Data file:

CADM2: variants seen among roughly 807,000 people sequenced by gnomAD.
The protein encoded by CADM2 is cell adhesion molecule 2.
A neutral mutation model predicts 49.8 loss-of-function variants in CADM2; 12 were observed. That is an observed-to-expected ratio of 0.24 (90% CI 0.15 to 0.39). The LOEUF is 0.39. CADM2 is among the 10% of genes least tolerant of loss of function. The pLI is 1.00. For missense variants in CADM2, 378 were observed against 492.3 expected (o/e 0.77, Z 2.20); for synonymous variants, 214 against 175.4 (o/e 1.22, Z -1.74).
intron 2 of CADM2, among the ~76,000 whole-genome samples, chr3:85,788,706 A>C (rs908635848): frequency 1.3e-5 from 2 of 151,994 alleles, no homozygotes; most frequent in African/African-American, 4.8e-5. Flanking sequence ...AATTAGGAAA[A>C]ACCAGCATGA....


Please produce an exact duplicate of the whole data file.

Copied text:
CADM2: variants seen among roughly 807,000 people sequenced by gnomAD.
The protein encoded by CADM2 is cell adhesion molecule 2.
A neutral mutation model predicts 49.8 loss-of-function variants in CADM2; 12 were observed. That is an observed-to-expected ratio of 0.24 (90% CI 0.15 to 0.39). The LOEUF is 0.39. CADM2 is among the 10% of genes least tolerant of loss of function. The pLI is 1.00. For missense variants in CADM2, 378 were observed against 492.3 expected (o/e 0.77, Z 2.20); for synonymous variants, 214 against 175.4 (o/e 1.22, Z -1.74).
intron 2 of CADM2, among the ~76,000 whole-genome samples, chr3:85,788,706 A>C (rs908635848): frequency 1.3e-5 from 2 of 151,994 alleles, no homozygotes; most frequent in African/African-American, 4.8e-5. Flanking sequence ...AATTAGGAAA[A>C]ACCAGCATGA....